Overcoming Obstacles to Treatment Adherence in Bipolar Disorder

Poor treatment adherence occurs in half or more of individuals with bipolar disorder and is a substantial cause or relapse and poor outcome. Reasons for poor treatment adherence are diverse and include lack of insight about the need for ongoing pharmacotherapy, denial of illness, concerns about actual or perceived side effects, dissatisfaction with medication efficacy, stigma, and negative attitudes about pharmacotherapy in general. Poor treatment adherence also often becomes linked with symptom severity, psychiatric or substance use comorbidities, or impaired psychosocial functioning. This presentation discusses the varied factors that may contribute to poor treatment adherence and provides practical information on strategies to overcome medication nonadherence and optimize clinical outcomes in bipolar disorder.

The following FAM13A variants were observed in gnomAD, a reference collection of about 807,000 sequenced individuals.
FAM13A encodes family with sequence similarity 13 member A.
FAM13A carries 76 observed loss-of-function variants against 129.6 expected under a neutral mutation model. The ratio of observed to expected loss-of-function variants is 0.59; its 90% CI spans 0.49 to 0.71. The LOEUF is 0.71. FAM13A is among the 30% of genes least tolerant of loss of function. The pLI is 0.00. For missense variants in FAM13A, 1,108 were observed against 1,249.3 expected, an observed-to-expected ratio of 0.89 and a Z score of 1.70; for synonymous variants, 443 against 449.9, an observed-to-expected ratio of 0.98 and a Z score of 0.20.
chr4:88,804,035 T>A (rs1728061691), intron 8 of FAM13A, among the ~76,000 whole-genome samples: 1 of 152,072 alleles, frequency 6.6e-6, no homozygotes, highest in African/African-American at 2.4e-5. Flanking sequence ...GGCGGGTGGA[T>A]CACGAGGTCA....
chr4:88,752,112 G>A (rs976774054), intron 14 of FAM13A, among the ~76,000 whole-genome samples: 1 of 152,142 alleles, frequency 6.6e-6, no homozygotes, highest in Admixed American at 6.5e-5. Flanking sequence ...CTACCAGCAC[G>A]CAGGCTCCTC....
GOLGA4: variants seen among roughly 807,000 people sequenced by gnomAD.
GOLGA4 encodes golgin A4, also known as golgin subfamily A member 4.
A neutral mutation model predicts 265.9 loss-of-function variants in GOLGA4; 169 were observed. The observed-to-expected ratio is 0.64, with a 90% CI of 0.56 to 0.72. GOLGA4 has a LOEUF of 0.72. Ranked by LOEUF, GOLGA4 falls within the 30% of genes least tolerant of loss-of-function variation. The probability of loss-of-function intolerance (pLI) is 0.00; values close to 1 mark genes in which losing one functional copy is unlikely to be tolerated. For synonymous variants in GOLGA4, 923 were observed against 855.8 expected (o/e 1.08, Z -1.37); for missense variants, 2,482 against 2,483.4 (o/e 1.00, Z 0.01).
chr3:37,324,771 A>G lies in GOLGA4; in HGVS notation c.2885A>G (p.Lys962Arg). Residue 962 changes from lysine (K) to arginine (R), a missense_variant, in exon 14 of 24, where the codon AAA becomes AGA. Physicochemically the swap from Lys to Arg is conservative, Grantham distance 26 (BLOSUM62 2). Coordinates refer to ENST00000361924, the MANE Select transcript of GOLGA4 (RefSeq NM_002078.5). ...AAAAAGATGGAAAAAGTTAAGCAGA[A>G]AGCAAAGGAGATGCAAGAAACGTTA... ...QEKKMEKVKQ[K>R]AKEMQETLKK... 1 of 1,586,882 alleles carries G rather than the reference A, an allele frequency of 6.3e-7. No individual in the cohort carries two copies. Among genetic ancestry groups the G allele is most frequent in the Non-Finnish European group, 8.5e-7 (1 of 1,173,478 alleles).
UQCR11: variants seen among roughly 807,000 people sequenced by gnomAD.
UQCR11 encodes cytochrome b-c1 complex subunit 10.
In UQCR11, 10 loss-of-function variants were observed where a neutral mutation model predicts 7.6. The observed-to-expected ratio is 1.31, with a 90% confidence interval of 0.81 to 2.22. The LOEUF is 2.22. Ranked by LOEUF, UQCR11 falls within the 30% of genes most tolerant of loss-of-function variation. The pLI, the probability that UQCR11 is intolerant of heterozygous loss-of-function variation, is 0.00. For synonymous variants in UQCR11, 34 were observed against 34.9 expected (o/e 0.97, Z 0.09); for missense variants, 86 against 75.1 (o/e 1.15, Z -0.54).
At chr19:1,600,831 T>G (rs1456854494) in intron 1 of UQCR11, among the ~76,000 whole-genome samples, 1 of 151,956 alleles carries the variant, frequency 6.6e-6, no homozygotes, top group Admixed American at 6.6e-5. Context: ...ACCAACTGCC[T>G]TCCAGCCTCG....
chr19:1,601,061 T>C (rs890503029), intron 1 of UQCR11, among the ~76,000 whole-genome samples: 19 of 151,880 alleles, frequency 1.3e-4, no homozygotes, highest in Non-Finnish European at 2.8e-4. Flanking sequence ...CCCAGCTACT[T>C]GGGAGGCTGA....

Joseph F. Goldberg, MD is Clinical Professor of Psychiatry at the Icahn School of Medicine at Mount Sinai, and President of the American Society of Clinical Psychopharmacology. He attended college at the University of Chicago, graduate school in neuroscience at the University of Illinois-Chicago, and medical school at Northwestern University Medical School, then completed his psychiatry training and psychopharmacology research fellowship at the Payne Whitney Clinic of New York Presbyterian Hospital. His research has focused on the clinical phenomenology, treatment and outcome of mood disorders. He has published over 240 peer-reviewed papers on psychopharmacology and mood disorders, as well as five books, most recently “Clinical Reasoning and Decision-Making in Psychiatry” to be published in 2024 by Cambridge University Press. He serves as Deputy Editor of the Journal of Clinical Psychiatry and an Associate Editor for the journal CNS Spectrums. Dr. Goldberg is a Distinguished Life Fellow of the American Psychiatric Association and has been listed for many years in Best Doctors in America and Castle Connolly’s “America’s Top Doctors.”

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